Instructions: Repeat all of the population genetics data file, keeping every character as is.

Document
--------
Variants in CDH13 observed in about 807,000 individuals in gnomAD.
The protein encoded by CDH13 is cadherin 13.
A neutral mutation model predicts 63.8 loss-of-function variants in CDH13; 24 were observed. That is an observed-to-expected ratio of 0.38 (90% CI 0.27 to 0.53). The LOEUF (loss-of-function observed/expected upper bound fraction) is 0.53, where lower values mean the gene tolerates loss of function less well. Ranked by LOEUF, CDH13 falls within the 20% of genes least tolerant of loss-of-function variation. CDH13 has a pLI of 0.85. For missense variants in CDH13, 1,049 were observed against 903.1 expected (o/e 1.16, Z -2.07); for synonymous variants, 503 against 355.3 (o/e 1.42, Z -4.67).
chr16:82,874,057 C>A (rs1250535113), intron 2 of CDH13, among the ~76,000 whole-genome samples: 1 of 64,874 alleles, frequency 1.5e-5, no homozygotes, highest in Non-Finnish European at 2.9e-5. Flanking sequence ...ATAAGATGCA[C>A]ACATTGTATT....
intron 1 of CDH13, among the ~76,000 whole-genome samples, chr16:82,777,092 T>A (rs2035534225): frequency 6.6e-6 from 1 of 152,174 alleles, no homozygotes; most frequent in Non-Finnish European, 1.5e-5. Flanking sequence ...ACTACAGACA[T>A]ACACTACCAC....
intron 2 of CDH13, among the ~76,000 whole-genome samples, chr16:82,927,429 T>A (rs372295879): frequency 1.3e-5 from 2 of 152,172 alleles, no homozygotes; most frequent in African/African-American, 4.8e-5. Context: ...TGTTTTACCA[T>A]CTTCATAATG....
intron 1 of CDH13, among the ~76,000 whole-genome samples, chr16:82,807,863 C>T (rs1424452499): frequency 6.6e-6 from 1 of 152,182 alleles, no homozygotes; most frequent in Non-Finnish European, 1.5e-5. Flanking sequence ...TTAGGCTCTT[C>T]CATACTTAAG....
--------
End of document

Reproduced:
Variants in CDH13 observed in about 807,000 individuals in gnomAD.
The protein encoded by CDH13 is cadherin 13.
A neutral mutation model predicts 63.8 loss-of-function variants in CDH13; 24 were observed. That is an observed-to-expected ratio of 0.38 (90% CI 0.27 to 0.53). The LOEUF (loss-of-function observed/expected upper bound fraction) is 0.53, where lower values mean the gene tolerates loss of function less well. Ranked by LOEUF, CDH13 falls within the 20% of genes least tolerant of loss-of-function variation. CDH13 has a pLI of 0.85. For missense variants in CDH13, 1,049 were observed against 903.1 expected (o/e 1.16, Z -2.07); for synonymous variants, 503 against 355.3 (o/e 1.42, Z -4.67).
chr16:82,874,057 C>A (rs1250535113), intron 2 of CDH13, among the ~76,000 whole-genome samples: 1 of 64,874 alleles, frequency 1.5e-5, no homozygotes, highest in Non-Finnish European at 2.9e-5. Flanking sequence ...ATAAGATGCA[C>A]ACATTGTATT....
intron 1 of CDH13, among the ~76,000 whole-genome samples, chr16:82,777,092 T>A (rs2035534225): frequency 6.6e-6 from 1 of 152,174 alleles, no homozygotes; most frequent in Non-Finnish European, 1.5e-5. Flanking sequence ...ACTACAGACA[T>A]ACACTACCAC....
intron 2 of CDH13, among the ~76,000 whole-genome samples, chr16:82,927,429 T>A (rs372295879): frequency 1.3e-5 from 2 of 152,172 alleles, no homozygotes; most frequent in African/African-American, 4.8e-5. Context: ...TGTTTTACCA[T>A]CTTCATAATG....
intron 1 of CDH13, among the ~76,000 whole-genome samples, chr16:82,807,863 C>T (rs1424452499): frequency 6.6e-6 from 1 of 152,182 alleles, no homozygotes; most frequent in Non-Finnish European, 1.5e-5. Flanking sequence ...TTAGGCTCTT[C>T]CATACTTAAG....